That Kenny was looking at child porn, rather than simply being caught watching regular porn, makes sense in terms of how far he is willing to go to make it all go away. But keeping that twist until the end of an overly long episode meant that we were asked to spend an episode pondering why Kenny is going to these lengths for a video that might not actually ruin his life. When the truth is revealed, and Kenny is asked to fight to the death, the episode goes from dark to just strange. Watching the episode, as with "White Bear," the major take away seems to be that those who have done horrific things are still human. Which is a difficult lesson, but one that we didn't necessarily need to be reiterated for a second time on the series where there are so many other stories out there to be told.
I'm going to just come right out and say it: "San Junipero" is the best episode Black Mirror
has ever done. Full stop. It's smart, savvy, tells a full story in the course of an hour and never drags once, and it has, as perhaps the biggest shock, as close to a happy ending as an episode of Black Mirror
can have. I could easily write 1,000 words just on this episode, but I'll just focus on two of the major highlights of the episode: the expert casting of Gugu Mbatha-Raw and Mackenzie Davis, and the beautiful message within the story.
Mbatha-Raw and Davis are two of the best younger actresses currently working today (Davis has been killing it on the criminally under watched AMC series Halt and Catch Fire
, which just ended its best season yet a few weeks ago). In the span of only an hour, the pair created two complex and layered characters who jump off the screen. While the episode is intricately plotted to make us assume that not everything it right in the world of San Junipero, it is the work of Mbatha-Raw and Davis that sells the twist and keeps us invested in how this beautiful love story will turn out.
And it is, in fact, a beautiful love story. When so much ink has been spilled talking about the Bury Your Gays trope this past year, I'm truly happy to be talking about an episode that offers us a lovely twist on that particular trope. Yes, both Yorkie and Kelly end up dead by episode's close, but they end up together. And while there are still hints that they might not spend eternity as happy as they are right now (perhaps they will grow apart, or perhaps they will dissolve into the empty shells that Kelly mentions early in the episode), for that moment, all is right in their world- artificial though it may be. For something as uncertain as death, it's nice to imagine an afterlife like the one in San Junipero.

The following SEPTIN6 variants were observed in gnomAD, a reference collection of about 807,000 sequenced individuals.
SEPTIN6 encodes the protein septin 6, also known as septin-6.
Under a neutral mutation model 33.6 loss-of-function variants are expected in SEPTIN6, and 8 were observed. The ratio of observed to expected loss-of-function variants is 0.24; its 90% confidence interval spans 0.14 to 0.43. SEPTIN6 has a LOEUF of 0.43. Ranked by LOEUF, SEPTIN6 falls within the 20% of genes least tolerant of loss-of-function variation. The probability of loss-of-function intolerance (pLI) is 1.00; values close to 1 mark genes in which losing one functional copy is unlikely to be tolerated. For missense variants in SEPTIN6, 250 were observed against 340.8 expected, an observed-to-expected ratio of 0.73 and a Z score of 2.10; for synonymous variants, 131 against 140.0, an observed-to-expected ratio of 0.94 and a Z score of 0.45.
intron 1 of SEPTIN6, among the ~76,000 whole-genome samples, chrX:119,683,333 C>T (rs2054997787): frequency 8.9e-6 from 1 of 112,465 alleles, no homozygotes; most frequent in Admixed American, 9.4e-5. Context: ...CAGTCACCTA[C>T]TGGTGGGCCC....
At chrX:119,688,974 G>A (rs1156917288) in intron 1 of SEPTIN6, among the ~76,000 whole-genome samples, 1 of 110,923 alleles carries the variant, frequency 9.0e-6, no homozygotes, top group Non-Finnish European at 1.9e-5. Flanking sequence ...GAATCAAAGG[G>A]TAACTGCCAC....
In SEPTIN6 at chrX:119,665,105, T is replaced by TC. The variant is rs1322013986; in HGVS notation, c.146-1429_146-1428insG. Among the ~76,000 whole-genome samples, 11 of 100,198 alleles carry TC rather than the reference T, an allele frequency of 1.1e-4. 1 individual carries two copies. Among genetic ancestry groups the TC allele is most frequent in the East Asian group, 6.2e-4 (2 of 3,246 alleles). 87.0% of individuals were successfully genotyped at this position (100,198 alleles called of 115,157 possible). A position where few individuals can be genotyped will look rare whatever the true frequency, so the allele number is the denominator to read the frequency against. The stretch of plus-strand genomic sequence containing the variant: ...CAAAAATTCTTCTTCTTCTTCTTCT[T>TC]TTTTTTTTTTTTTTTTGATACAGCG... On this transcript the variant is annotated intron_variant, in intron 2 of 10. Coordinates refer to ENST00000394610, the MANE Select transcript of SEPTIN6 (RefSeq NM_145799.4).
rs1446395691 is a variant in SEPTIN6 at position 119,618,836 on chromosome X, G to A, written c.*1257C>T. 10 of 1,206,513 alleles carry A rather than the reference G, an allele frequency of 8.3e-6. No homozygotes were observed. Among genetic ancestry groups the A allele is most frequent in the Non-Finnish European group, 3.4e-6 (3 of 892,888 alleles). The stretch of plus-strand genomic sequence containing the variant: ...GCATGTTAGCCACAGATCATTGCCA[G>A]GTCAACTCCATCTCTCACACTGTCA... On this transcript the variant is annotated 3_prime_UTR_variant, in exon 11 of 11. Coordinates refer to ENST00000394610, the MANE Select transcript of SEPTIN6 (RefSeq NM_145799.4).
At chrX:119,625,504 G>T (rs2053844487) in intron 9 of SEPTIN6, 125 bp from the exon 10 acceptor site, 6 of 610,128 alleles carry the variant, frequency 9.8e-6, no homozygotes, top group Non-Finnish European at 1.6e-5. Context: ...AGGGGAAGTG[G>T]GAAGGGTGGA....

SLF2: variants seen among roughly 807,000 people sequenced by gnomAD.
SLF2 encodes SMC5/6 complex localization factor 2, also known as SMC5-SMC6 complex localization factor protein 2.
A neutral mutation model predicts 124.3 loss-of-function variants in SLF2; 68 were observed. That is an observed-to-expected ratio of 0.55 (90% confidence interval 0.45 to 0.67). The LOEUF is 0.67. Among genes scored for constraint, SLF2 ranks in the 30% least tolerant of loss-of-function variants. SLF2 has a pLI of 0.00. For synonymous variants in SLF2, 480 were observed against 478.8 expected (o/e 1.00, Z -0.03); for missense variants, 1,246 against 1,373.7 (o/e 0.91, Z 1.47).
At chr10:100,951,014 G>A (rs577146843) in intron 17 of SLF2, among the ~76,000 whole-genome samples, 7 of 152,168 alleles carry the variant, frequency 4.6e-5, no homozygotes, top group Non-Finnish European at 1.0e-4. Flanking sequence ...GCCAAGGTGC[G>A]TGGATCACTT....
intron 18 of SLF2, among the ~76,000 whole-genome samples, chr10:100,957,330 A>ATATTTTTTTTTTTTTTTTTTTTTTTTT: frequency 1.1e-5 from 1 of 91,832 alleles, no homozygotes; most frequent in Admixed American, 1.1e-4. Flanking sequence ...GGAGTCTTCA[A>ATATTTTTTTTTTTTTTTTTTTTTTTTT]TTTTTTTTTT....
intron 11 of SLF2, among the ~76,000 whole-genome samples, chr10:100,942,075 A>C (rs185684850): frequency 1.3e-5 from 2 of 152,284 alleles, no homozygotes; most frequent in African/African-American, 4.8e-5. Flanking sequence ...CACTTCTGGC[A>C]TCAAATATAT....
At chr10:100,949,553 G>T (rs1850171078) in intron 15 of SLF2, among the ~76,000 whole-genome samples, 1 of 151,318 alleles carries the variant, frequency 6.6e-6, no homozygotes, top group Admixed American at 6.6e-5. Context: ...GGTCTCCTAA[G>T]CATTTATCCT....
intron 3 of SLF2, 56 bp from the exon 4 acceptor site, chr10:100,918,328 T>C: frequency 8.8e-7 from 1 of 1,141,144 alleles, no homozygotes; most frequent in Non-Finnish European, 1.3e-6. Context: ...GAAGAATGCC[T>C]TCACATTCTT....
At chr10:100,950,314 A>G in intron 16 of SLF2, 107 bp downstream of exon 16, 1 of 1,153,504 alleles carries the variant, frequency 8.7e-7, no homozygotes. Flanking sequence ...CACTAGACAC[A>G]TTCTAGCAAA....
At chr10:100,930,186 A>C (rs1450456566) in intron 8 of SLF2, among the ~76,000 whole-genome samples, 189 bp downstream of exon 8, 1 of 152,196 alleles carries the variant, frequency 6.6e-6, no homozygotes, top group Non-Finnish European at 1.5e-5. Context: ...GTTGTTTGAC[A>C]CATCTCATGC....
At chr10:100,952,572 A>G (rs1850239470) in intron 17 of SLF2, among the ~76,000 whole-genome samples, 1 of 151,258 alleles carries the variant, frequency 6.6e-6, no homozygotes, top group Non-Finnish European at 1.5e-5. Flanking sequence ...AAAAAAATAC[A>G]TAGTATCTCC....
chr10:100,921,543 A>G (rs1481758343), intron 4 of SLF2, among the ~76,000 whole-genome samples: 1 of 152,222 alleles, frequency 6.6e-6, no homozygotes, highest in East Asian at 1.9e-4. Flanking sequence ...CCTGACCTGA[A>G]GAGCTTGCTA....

"Men Against Fire"
As an anti-war statement, "Men Against Fire" works well. As a well-paced narrative, the episode needs some work. As was a theme throughout the third season of Black Mirror
, "Men Against Fire" ran too long and lacked the right pacing to make it a fully effective episode. Ideally, the episode would have wrapped immediately following Stripe's realization that his enemy was actually just as human as he was, although the longer running time does allow for an excellent speech from the always good Michael Kelly. Continuing the story past the reveal of what exactly the Roaches are just serves to muddy the action and drag the pace of the episode down with it. Pinpointing the right moment to halt a story isn't necessarily the easiest thing to do, especially when the story is trying to impart a grand lesson, as is the case in "Men Against Fire." But it's something that Charlie Booker and company need to employ in future seasons of Black Mirror
, if they want the episodes to hit on all cylinders.
"Hated in the Nation"
The central conceit of "Hated in the Nation" is excellent: using social media hashtags as a means to kill someone the entire nation hates, only to have that same device turned on all those who participated- even unknowingly- in the blood sport. It's scary, resonates with our current technological uses, and has a great message about online bullying (something that is all too common in the anonymity of Twitter). But, as with most of the episodes this season, it just goes on for a bit too long.
I was intrigued throughout the main action of the episode. The cast was excellent, and the story was well-paced. That is, until the ending. Having Blue fake her death and head out in search of Garrett Scholes just struck me as ridiculous in light of the episode as a whole. Sure, I can understand why Blue and Prake would want to catch the man responsible for all of this death, but it doesn't fit the characters we've spent the past hour with. To have them orchestrate something as complex as this? I can't see them doing it. And that is where the episode falls apart.